US Democrats grill Pompeo over Iran, coronavirus

US secretary of state defends Trump's decision to order the killing of Iran's Solemani in a tense House panel hearing.

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    Secretary of State Mike Pompeo testifying during a House Foreign Affairs Committee hearing on Capitol Hill in Washington, DC [Carolyn Kaster/AP Photo]
    Secretary of State Mike Pompeo testifying during a House Foreign Affairs Committee hearing on Capitol Hill in Washington, DC [Carolyn Kaster/AP Photo]

    Washington, DC - US Secretary of State Mike Pompeo was grilled on Friday by Democrats on a House panel over the United States killing of top Iranian commander Qassem Soleimani and the US response to the coronavirus.

    Appearing before the House Foreign Affairs Committee for two hours, Pompeo defended President Donald Trump's decision to order the assassination of Soleimani, claiming Americans in the Middle East are safer now because Iran has been deterred from aggression.

    "We made clear that we are willing and able to impose costs on our adversaries if they threaten or attack us," Pompeo told the committee in the long-awaited hearing that also included a number of questions on the coronavirus.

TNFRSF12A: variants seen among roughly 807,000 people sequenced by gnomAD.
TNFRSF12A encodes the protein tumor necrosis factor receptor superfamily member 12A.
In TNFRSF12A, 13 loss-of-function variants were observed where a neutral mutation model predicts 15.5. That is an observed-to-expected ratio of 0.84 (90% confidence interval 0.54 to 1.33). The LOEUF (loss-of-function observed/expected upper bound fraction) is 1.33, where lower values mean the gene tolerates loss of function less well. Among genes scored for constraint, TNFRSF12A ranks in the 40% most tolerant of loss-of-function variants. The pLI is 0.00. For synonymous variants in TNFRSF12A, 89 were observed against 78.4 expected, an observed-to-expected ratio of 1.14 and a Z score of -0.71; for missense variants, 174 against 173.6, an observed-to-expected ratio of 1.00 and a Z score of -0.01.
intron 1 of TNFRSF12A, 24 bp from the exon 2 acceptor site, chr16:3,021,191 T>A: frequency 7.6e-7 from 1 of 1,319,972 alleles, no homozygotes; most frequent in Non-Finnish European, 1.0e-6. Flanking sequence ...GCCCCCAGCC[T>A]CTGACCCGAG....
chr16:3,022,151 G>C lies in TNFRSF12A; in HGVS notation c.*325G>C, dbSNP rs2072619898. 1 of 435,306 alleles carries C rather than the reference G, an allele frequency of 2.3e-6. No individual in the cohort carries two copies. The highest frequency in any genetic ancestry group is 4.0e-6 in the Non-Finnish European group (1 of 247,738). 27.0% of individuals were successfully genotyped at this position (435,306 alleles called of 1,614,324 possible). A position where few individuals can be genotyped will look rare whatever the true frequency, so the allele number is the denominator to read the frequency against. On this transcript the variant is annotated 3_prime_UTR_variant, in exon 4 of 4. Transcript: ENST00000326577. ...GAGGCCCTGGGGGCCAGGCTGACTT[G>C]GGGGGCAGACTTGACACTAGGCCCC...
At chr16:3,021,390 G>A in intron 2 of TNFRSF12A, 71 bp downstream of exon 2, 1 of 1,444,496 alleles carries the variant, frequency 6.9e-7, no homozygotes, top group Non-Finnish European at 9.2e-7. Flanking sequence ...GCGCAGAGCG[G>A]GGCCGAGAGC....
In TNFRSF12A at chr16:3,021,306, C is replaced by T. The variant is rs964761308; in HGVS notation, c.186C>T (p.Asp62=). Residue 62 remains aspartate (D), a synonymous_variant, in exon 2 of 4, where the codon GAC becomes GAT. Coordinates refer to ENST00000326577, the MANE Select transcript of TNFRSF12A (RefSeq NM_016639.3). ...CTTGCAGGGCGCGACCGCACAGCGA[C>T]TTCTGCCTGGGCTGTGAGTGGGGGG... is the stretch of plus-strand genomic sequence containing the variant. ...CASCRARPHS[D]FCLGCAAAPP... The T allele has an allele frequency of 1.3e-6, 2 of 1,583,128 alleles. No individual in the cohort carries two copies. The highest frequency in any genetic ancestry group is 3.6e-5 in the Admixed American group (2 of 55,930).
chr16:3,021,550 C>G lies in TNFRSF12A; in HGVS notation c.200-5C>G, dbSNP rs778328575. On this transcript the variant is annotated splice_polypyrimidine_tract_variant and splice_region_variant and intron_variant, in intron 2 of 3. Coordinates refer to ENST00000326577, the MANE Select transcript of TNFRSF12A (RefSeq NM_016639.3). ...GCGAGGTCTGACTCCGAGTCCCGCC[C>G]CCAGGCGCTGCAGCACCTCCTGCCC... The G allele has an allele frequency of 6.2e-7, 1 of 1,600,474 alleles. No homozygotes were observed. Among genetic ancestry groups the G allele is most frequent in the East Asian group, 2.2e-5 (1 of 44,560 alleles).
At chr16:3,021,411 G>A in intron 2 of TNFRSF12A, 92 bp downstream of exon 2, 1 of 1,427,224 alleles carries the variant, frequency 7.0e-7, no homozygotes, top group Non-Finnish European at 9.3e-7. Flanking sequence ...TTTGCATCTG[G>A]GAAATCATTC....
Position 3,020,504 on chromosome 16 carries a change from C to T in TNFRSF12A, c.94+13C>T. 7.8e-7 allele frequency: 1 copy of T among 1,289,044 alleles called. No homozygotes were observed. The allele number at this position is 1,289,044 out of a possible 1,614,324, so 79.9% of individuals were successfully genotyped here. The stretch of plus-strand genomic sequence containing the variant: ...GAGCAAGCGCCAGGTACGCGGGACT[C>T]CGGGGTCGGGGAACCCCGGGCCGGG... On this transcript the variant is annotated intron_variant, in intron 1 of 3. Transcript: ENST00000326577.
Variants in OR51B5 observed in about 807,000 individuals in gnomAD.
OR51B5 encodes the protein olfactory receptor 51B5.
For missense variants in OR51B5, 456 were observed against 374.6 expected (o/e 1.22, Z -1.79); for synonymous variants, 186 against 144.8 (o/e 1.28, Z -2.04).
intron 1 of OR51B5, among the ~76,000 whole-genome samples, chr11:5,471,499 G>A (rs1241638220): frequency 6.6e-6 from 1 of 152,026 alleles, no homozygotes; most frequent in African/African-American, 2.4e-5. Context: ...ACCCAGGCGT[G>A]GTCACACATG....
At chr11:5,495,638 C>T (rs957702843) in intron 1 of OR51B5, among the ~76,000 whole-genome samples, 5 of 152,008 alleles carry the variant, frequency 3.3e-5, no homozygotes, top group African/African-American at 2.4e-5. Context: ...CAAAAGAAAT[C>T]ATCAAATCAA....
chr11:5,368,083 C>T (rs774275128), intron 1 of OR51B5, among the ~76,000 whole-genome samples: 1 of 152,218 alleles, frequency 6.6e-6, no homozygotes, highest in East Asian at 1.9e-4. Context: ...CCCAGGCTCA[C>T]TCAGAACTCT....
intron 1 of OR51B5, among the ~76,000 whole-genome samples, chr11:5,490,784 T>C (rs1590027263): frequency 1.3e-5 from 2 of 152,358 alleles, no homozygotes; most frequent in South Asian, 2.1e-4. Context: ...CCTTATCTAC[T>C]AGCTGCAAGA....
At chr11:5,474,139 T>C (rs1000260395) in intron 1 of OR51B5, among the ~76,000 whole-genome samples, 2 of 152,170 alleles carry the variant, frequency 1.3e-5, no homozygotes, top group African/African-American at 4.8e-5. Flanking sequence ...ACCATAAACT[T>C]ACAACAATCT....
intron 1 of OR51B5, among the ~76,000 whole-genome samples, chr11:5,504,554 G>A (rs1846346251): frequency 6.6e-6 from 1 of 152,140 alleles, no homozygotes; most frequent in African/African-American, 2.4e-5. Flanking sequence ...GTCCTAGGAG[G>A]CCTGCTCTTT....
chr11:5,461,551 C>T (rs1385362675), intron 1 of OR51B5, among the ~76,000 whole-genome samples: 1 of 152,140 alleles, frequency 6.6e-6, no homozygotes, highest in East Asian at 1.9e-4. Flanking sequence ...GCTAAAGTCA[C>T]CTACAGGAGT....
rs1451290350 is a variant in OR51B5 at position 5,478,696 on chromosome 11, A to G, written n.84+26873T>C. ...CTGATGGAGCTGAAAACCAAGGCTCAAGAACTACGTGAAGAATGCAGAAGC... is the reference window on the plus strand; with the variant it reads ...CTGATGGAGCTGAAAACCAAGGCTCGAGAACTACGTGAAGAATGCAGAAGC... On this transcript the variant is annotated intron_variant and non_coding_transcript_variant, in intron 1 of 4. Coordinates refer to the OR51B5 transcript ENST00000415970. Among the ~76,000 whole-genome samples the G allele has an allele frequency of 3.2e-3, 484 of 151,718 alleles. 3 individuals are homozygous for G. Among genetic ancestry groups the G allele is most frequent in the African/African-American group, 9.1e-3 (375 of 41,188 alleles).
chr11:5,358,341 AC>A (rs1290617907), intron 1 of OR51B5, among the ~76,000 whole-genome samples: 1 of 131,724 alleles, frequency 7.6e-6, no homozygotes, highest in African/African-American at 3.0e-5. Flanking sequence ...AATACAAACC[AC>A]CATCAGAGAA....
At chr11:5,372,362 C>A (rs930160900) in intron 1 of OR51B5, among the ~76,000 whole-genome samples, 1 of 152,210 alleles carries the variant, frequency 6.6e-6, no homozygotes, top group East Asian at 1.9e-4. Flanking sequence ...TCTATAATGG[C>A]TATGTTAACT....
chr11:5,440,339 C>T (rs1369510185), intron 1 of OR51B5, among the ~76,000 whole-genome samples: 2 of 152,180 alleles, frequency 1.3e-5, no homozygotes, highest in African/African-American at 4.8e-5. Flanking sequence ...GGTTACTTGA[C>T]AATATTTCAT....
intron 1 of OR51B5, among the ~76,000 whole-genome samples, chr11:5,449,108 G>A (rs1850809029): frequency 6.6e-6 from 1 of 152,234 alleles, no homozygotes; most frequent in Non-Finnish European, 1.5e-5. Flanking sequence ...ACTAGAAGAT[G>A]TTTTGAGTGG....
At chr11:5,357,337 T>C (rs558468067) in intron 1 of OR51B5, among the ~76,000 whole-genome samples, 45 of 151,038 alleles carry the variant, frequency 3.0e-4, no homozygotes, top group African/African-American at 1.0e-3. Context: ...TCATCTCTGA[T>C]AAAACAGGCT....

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    The Trump administration has offered shifting explanations for the air attack that killed Soleimani and several others at the airport in Baghdad, Iraq.

    Initially, the president and his advisers said they had information that Soleimani was planning an "imminent attack".

    Later, in a legally mandated report to Congress, the Trump administration abandoned that claim and argued prior attacks planned by Soleimani against US forces, coupled with rising provocations from Iranian-backed armed groups in Iraq justified the strike.

    "One hundred percent in a very short timeframe, he was in the region actively plotting to kill Americans," said Pompeo, who appealed to the fractious committee on Friday for support for Trump's policy towards Iran.

    Two Democratic members of the House of Representatives Abigail Spanberger and Joaquin Castro said the intelligence information provided by the administration to Congress behind closed doors in the days after the strike did not show an imminent threat.

    "I have seen that classified information and after reviewing it, I don't think that you are telling us the truth," Castro told Pompeo pointedly.

    Funeral for Qassem Soleimani in Kerman
    Women hold pictures of Iranian Major-General Qassem Soleimani, head of the elite Quds Force, who was killed in an air strike at Baghdad airport, during a funeral procession and burial at his hometown in Kerman, Iran [File: Mehdi Bolourian/Fars News Agency/WANA/Reuters] 

    Spanberger, a former intelligence agency officer, said: "Your own report directly contradicts what you and the president told the American people over and over.

    "With conflicting information, it is hard for the American people to know what to believe," she said.

    Pompeo dismissed the accusations and argued Soleimani's role as head of Iran's Quds Force tied him to the deaths and injuries of as many as 600 US troops during the Iraq war.